Chamber of Commerce asks DEQ to be removed in dioxin negotiations

Friday, December 21, 2007 | 8:01 PM

Chamber believes leaked letter about Dow was no accident

By Terry Camp SAGINAW (WJRT)

 -- (12/21/07)--The Saginaw Chamber of Commerce is asking the Department of Environmental Quality to be removed from negotiations in the Dow Chemical dioxin cleanup process.

It's also calling for an investigation into an accidentally leaked government memo, which was critical of Dow. The Saginaw County Chamber plans on forming a coalition to lobby the removal of the DEQ from the dioxin issue, and it believes the leaked memo was no accident.

The letter is in the mail to other chamber of commerce organizations across the state, asking them to join the Coalition for Reasonable Regulations.

The plan is to lobby Gov. Jennifer Granholm and legislators to remove the Department of Environmental Quality from the dioxin negotiating process.

"We are encouraging that Dow just deal with one agency -- the national agency, the EPA, and we eliminate the DEQ on this," the DEQ's Bob McCann.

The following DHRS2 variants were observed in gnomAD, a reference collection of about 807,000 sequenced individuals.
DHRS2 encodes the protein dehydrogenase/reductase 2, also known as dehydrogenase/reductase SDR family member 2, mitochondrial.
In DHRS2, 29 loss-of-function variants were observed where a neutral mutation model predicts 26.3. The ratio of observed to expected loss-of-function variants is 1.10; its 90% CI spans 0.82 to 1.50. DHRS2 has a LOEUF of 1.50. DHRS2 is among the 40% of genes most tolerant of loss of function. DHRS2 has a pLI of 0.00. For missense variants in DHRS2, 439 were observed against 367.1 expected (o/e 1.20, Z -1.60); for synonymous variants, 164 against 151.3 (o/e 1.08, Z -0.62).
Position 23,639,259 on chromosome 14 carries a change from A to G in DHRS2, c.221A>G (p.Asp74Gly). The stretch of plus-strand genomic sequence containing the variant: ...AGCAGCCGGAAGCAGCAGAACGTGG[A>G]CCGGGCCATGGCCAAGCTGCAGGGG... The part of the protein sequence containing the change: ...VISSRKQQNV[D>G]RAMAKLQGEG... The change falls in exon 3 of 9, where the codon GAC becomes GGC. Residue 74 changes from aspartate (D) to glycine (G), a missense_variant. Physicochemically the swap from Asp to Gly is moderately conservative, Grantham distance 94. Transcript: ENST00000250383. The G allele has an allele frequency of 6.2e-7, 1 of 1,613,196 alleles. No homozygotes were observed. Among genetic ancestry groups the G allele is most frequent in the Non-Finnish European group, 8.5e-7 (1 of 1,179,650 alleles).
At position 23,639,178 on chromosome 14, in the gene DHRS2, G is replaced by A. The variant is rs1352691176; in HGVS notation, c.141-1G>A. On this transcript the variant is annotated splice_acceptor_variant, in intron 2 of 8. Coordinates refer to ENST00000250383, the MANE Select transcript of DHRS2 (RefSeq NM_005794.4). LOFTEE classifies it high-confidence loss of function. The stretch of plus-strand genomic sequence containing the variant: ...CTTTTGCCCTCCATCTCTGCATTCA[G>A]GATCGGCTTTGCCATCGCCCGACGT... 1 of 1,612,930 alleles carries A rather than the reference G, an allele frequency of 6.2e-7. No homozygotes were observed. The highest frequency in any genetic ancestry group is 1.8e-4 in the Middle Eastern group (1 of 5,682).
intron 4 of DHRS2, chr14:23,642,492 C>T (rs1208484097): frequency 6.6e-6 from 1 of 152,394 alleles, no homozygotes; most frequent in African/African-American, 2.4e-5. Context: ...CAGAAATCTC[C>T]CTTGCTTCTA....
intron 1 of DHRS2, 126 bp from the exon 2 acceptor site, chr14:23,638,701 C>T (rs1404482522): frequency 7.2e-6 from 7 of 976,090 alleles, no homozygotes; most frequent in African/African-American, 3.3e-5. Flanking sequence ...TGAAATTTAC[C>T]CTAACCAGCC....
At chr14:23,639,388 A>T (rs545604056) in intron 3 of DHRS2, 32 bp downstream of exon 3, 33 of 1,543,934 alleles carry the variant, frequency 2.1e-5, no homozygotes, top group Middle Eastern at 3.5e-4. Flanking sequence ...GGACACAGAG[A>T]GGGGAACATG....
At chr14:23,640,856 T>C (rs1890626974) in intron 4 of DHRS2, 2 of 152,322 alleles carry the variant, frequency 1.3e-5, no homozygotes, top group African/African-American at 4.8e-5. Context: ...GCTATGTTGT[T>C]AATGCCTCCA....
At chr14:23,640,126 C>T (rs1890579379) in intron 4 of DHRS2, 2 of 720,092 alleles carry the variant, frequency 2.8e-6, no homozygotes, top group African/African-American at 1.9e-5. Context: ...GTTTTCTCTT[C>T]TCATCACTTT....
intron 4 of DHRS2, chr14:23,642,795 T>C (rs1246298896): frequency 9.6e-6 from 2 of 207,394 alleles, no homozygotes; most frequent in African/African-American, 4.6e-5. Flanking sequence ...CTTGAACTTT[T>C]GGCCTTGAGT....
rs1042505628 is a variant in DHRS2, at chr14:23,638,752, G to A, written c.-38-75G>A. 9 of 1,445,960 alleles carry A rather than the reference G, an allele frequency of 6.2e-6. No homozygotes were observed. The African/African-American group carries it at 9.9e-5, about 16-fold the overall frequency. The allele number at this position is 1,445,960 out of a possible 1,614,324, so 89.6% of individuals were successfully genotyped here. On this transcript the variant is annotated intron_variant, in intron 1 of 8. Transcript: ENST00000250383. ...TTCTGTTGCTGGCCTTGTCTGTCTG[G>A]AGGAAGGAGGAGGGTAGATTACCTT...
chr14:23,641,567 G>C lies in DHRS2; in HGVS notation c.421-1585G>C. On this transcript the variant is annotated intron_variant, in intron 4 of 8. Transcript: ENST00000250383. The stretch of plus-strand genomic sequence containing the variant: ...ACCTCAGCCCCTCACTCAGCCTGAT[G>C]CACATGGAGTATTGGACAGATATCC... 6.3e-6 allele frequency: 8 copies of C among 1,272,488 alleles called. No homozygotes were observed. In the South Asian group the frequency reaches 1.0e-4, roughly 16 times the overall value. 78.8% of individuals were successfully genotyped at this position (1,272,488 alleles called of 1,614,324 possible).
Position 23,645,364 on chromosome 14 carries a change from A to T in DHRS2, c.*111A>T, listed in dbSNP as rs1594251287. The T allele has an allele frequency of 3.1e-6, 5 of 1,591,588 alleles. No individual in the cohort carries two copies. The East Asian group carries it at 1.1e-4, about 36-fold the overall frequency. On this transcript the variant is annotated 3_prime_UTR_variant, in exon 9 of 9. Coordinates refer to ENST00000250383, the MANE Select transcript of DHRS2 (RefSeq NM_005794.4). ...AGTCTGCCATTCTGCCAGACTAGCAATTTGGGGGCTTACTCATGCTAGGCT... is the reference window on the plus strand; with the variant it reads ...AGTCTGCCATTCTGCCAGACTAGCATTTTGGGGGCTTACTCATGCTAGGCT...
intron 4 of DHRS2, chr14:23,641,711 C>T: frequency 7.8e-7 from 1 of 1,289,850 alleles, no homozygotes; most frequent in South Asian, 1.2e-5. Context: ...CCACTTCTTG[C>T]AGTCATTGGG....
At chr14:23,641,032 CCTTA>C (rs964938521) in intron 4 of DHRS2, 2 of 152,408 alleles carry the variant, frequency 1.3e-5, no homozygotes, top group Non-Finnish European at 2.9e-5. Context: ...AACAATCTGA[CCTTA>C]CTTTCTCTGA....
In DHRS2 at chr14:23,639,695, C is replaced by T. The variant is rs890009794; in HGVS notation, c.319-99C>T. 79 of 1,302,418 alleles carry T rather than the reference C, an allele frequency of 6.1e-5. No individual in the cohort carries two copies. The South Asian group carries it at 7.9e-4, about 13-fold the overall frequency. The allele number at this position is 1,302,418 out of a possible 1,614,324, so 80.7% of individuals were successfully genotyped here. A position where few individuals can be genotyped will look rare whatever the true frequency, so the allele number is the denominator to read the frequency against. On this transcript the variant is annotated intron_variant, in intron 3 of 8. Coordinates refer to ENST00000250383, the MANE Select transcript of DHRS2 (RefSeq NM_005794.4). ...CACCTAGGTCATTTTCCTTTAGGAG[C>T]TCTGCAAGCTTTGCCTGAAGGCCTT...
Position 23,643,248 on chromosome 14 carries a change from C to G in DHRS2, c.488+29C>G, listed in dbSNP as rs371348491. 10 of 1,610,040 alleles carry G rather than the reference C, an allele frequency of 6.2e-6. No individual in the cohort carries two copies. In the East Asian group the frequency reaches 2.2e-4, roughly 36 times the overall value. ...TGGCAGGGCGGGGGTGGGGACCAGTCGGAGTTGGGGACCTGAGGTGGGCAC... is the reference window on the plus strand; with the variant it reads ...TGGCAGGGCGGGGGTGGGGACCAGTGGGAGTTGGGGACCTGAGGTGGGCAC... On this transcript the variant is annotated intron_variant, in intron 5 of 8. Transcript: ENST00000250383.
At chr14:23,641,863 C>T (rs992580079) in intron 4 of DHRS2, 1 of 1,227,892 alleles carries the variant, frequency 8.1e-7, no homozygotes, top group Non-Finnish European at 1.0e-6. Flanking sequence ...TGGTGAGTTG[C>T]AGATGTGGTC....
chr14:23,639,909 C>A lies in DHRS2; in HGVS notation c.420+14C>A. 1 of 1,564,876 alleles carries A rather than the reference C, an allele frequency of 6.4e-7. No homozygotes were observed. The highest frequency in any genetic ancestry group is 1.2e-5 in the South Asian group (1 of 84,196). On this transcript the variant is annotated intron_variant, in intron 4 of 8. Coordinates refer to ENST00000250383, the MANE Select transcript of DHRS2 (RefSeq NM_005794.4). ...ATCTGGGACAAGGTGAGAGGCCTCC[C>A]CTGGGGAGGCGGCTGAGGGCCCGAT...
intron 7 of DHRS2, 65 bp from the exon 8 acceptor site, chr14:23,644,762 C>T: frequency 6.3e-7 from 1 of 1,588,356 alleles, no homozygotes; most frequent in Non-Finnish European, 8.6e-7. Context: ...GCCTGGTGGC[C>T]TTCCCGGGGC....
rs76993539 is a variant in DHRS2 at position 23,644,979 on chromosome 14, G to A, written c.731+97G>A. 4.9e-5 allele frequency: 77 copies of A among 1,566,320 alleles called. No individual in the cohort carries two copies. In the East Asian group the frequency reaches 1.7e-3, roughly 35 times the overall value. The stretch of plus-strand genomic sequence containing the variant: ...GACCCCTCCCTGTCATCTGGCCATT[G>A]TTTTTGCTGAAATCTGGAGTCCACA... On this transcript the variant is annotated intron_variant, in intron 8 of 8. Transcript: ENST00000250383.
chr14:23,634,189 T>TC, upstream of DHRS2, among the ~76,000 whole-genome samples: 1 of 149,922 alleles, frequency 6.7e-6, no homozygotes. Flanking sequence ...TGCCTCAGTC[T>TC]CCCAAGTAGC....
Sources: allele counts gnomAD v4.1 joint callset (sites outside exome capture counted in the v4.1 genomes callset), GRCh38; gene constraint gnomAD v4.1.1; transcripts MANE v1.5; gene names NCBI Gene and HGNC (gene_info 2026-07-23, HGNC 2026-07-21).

"The EPA has made it clear they have taken over the negotiations, so in our opinion, there really isn't a role anymore for the DEQ," said the chamber's Veronica Horn. "I think that is an unfortunate reaction to make," McCann said.

McCann says it has been his agency -- not the Environmental Protection Agency -- that is responsible for getting to this point in the dioxin cleanup process, as a fourth hotspot cleanup project in the Saginaw and Tittabawassee rivers has just been completed.

"Prior to 2003, the EPA had direct oversight of this cleanup project and did virtually nothing to move either the investigation of contamination or the cleanup process to move forward," McCann said.

The chamber is also asking the inspector general's office to conduct an investigation into how an internal EPA memo critical of Dow Chemical got into the hands of the environmental group Lone Tree Council.

The contents of the letter were made public two weeks ago. The EPA says it was accidentally leaked, but both Van Deventer and Horn are not so sure. "Because of the fact that this document didn't have an author or a date, it did raise some questions in our mind," Horn said.

The EPA had no comment on the request for the DEQ to be removed from the dioxin discussions, but did announce Friday it is extending a negotiating deadline with Dow on a cleanup plan.
 


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